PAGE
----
To make it easier to find specific plugins, we can filter the list of plugins using the Search input field at the top of the window, which you can see in the following screenshot:

 

Introducing the QGIS user interface


Now that we have set up QGIS, let's get accustomed to the interface! The biggest area is reserved for the map. To the left of the map, there are the Layers and the Browser panels. Below the map, we find important information such as (from left to right), current map coordinates, map scale, and the (currently inactive) project coordinate reference system (CRS).

Next, there are multiple toolbars to explore. If you arranged them as shown in the previous section, you'll find the following toolbars in the top row:

  • File: This toolbar contains tools to create, open, save, and print projects

  • Manage Layers: This toolbar contains tools to add layers from vector or raster files, databases, web services, text files, or create new layers

  • Database: Currently, this toolbar only contains DB Manager, but other database-related tools will appear here when they are installed

  • Help: This points to the user manual download

The following screenshot shows what the preceding toolbars look like:

The second row of toolbars contains the following:

  • Map Navigation: This toolbar contains pan and zoom tools

  • Attributes: These tools are used to identify, select, open attribute tables, measure, and so on

  • Label: These tools are used to add, configure, and modify labels

  • Vector: This is currently empty, but will be filled by additional Python plugins

  • Web: This is currently empty, but will be filled by additional Python plugins

The following screenshot shows what the preceding toolbars look like:

On the left screen border, we put the following:

  • Plugins: This is currently empty, but will be filled by additional Python plugins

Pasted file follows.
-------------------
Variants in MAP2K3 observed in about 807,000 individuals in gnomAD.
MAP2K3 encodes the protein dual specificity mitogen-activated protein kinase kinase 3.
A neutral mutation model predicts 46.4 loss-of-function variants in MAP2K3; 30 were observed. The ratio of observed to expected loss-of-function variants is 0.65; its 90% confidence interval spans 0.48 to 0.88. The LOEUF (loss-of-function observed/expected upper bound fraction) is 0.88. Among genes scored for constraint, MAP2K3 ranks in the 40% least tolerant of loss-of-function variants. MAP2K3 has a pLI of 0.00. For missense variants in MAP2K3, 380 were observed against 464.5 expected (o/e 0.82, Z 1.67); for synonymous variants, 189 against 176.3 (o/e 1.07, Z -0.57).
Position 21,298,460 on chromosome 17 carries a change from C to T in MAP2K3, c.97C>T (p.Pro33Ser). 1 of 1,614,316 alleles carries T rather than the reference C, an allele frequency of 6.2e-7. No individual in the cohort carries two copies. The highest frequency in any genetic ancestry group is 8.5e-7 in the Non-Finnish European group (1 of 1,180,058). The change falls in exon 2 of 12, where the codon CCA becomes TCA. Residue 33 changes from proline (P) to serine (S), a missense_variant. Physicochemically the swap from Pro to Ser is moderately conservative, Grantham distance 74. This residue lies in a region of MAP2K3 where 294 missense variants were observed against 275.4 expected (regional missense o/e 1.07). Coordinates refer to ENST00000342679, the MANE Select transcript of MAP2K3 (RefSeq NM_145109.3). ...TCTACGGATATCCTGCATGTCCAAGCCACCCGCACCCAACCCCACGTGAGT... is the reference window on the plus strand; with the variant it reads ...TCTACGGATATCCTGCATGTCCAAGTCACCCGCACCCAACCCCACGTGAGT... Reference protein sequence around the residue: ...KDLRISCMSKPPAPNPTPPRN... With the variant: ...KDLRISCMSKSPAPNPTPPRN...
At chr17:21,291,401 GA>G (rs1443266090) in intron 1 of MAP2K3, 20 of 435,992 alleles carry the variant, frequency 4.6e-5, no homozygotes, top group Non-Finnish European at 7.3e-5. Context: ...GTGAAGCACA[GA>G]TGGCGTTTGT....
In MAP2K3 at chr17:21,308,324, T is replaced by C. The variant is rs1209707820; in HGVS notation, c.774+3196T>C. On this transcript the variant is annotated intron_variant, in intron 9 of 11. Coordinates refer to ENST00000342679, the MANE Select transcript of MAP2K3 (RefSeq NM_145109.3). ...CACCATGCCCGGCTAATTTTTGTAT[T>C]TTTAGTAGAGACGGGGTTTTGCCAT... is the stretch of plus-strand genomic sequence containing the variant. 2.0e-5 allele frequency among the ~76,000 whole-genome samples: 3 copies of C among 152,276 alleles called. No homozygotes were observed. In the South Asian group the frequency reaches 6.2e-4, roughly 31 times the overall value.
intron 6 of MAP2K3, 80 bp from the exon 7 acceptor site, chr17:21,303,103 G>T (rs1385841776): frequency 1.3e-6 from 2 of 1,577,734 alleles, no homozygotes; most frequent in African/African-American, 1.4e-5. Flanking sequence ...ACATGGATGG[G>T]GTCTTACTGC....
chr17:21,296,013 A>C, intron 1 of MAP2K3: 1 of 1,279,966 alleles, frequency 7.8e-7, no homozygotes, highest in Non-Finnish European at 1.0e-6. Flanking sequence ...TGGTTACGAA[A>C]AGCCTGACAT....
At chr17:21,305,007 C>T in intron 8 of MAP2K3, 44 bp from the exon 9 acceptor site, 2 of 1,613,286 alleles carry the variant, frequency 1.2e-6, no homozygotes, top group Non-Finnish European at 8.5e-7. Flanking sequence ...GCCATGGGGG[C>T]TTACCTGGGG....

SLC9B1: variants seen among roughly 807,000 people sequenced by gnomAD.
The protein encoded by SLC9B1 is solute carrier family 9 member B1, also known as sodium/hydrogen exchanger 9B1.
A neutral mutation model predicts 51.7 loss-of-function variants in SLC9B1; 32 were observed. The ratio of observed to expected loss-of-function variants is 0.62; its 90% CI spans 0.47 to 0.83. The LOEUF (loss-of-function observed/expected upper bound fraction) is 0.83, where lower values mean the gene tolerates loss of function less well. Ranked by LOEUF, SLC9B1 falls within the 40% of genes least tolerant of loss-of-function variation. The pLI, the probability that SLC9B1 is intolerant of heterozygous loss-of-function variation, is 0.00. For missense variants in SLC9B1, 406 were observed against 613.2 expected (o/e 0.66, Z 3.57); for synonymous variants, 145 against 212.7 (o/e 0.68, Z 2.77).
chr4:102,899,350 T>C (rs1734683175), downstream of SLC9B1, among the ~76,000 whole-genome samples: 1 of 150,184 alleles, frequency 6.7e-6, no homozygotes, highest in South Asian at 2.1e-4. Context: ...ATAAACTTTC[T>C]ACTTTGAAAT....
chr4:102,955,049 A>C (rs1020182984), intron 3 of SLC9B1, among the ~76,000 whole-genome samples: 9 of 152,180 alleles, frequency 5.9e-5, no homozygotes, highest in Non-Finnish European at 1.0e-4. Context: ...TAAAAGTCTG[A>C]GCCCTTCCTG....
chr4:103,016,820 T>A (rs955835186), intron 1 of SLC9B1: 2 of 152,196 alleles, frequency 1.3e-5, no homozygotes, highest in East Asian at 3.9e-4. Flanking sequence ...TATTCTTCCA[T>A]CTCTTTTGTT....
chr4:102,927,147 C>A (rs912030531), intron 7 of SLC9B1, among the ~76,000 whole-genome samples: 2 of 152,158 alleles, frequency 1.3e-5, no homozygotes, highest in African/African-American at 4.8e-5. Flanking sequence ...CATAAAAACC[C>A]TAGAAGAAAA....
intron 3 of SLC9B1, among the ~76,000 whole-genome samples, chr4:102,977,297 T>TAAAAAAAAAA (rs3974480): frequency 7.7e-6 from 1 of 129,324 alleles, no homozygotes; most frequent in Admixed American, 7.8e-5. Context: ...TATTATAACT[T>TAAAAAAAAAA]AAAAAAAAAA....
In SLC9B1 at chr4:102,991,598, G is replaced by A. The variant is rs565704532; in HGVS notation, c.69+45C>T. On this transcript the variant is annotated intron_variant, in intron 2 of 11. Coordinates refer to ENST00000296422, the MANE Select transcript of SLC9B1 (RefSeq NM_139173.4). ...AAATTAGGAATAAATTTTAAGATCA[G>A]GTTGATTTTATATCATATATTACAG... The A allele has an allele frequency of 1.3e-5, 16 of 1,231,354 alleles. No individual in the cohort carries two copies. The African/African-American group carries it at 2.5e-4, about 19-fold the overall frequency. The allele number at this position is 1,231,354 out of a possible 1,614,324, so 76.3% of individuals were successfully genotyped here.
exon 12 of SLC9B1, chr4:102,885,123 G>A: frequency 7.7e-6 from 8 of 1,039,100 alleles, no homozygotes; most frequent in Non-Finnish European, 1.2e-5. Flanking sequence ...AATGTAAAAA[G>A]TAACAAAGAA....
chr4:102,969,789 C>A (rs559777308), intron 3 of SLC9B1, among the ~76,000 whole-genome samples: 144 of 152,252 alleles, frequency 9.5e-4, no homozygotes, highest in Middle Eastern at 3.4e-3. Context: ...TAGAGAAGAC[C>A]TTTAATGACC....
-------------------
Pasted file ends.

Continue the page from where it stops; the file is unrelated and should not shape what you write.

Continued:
• Raster: This toolbar includes histogram stretch, brightness, and contrast control

The following screenshot shows what the preceding toolbars look like:

Finally, on the right screen border, we find the following:

  • Digitizing: These tools enable editing, basic feature creation, and editing

  • Advanced Digitizing: This toolbar contains undo/redo, advanced editing tools, geometry simplification, and so on

The following screenshot shows what the preceding toolbars look like:

Tip

All digitizing tools are currently inactive. They will only turn active once we start editing a vector layer.

Toolbars and panels can be activated and deactivated via the View menu's Panels and Toolbars entries as well as by right-clicking on a menu or toolbar, which opens a context menu with all available toolbars and panels. All toolbar tools can also be accessed via the menu. If you deactivate the Manage Layers toolbar, for example, you will still be able to add layers using the Layer menu.

QGIS is highly customizable. You can increase your productivity by assigning shortcuts to the tools you use regularly by navigating to Settings | Configure shortcuts. Similarly, if you find that you never use a certain toolbar button or menu entry, you can hide it by navigating to Settings | Customization. For example, if you don't have access to an Oracle Spatial database, you might want to hide the associated buttons to remove clutter and save screen estate as shown in the following screenshot:

 

Summary


In this chapter, we installed QGIS and configured it by selecting useful defaults and arranging the user interface elements. Finally, we explored the panels, toolbars, and menus that make up the QGIS user interface, and learned how to customize them to increase productivity.

About the Author

  • Anita Graser

    Anita Graser is a spatial data scientist, open source GIS advocate, and author with a background in geographic information science. She is currently working with the Center for Mobility Systems at the Austrian Institute of Technology in Vienna and teaching QGIS classes at UNIGIS Salzburg. She serves on the QGIS project steering committee. and has published several books about QGIS. Furthermore, she develops tools, such as the Time Manager plugin for QGIS. You can follow her on Twitter @underdarkGIS.